In Akhtiar's house, the empty chairs around the Christmas table welcomed neighbors and friends instead of relatives. "Our whole family is scattered across Europe, Canada, Lebanon and Australia," his mother, Jamila Akhtiar, told al-Monitor. The hemorrhage of Christians out of Syria is a sad but common story: Some estimate that more than 50% of the Christian population has found refuge abroad.

Of the approximately 20,000 original inhabitants of the Khabur River valley, only 1,500 are said to still be living there. 

"A dead valley," lamented some residents. "You cannot find a girlfriend here," Ninos Akhtiar laughed. His smile disappeared as he looked at an engraving of the Last Supper hanging in the living room, on which he stuck pictures of his fallen brothers-in-arms, both Kurds and Christians. On the opposite wall is a portrait of the late Hafez al-Assad, the father of Syria's current president. "All of them fought for justice," the young militiaman said.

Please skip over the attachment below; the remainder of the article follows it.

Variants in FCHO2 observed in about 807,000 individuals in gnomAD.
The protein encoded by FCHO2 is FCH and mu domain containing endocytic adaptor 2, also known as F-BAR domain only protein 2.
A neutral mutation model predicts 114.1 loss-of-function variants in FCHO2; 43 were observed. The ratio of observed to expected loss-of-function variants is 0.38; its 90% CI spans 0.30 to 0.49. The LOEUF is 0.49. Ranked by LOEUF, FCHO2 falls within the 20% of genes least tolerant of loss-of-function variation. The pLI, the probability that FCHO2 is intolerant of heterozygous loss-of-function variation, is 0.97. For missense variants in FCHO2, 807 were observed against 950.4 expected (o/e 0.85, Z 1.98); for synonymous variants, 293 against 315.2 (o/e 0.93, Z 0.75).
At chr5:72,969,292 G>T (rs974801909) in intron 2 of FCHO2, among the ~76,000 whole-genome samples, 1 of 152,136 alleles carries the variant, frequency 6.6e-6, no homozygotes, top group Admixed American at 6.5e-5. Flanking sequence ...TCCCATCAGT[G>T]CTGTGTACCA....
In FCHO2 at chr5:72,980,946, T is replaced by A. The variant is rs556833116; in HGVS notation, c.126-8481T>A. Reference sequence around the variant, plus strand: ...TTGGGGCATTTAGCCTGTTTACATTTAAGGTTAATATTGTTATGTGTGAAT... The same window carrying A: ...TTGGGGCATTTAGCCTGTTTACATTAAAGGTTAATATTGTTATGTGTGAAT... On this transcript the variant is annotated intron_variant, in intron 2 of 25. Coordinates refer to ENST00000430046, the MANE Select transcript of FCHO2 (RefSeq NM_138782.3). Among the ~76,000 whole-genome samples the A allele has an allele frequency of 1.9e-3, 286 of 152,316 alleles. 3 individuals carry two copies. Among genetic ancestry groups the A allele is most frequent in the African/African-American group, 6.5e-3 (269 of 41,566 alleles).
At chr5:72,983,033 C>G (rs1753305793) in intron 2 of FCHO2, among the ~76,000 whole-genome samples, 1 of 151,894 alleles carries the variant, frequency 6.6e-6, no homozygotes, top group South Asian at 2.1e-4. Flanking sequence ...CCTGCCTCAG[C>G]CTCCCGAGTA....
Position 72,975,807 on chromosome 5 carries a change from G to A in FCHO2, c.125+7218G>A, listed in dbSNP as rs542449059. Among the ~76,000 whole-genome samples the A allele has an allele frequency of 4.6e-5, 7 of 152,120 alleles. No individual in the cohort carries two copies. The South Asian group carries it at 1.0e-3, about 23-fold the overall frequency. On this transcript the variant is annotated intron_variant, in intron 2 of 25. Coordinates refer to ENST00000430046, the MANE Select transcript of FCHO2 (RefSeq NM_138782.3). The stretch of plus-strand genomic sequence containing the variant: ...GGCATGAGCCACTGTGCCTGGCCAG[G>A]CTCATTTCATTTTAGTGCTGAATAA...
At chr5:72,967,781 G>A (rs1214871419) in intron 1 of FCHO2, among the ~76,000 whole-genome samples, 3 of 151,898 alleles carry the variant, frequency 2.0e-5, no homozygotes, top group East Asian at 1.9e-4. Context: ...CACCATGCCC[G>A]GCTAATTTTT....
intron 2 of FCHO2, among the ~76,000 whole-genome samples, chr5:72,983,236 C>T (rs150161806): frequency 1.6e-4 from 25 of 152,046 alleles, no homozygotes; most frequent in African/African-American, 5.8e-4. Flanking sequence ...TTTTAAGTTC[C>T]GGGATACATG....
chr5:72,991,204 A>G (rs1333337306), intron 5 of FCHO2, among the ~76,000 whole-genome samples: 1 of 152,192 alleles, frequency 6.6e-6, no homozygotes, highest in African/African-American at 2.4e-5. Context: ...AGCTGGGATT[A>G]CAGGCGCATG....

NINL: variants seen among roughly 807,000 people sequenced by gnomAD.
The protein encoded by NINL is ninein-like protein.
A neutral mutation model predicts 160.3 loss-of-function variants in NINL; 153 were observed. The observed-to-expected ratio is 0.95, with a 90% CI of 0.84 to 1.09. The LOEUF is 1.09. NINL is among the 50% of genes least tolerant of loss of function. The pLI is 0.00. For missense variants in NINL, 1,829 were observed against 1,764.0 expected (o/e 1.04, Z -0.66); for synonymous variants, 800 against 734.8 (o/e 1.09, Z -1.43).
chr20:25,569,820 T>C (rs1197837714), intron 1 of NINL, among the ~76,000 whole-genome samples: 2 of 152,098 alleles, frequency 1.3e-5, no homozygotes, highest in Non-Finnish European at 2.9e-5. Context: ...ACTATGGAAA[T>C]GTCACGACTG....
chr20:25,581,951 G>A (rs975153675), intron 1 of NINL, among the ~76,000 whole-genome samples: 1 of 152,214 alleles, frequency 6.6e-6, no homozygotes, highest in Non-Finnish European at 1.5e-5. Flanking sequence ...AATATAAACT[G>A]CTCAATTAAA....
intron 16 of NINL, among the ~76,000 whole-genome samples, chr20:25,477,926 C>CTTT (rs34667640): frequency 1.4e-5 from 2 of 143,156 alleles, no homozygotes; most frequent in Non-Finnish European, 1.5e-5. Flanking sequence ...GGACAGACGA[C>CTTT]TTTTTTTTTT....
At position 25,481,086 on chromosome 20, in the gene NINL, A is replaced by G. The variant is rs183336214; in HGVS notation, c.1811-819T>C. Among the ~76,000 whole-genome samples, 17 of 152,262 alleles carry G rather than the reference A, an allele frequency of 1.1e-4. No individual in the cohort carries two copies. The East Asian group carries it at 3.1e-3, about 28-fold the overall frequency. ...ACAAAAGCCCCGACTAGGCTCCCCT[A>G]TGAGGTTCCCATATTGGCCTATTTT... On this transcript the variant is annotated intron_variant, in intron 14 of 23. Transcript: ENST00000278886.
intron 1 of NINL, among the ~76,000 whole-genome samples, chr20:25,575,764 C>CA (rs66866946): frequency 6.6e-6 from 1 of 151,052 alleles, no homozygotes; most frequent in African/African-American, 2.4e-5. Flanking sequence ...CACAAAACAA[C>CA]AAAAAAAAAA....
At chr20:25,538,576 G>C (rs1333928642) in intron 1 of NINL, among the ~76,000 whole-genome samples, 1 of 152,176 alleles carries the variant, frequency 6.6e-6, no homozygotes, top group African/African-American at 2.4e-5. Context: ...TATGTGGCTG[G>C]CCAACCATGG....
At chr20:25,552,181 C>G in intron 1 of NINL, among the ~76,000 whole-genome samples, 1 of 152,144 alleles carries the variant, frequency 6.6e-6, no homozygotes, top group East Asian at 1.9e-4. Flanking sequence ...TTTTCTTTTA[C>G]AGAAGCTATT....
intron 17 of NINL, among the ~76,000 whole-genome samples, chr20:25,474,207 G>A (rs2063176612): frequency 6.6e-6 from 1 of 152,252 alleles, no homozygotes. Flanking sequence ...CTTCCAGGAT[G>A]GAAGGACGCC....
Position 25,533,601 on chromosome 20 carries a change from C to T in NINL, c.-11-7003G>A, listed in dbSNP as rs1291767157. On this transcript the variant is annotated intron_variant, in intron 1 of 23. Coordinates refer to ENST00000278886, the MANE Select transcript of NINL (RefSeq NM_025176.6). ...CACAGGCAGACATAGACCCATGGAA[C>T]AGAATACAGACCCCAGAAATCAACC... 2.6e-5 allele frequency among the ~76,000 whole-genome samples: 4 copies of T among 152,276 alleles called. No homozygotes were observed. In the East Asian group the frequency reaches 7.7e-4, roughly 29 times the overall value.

This shows how Christians are divided between supporting the government in Damascus or turning toward the self-administration led by the Kurds, less animated by ideological convictions than by the search for a sacrosanct stability. To leave or to stay, but under whose authority? 

Following the withdrawal of US troops, the Kurdish leadership was left with little choice but to turn to Damascus to counter the Turkish offensive. For the first time since 2012, pro-government troops were redeployed in northeastern Syria, where the Kurds had succeeded in building their own de facto autonomous administration.

"We are happy to be back," a government soldier stationed in Umm al-Kayf told al-Monitor. "This is our land after all, and we will protect it from the Turks.”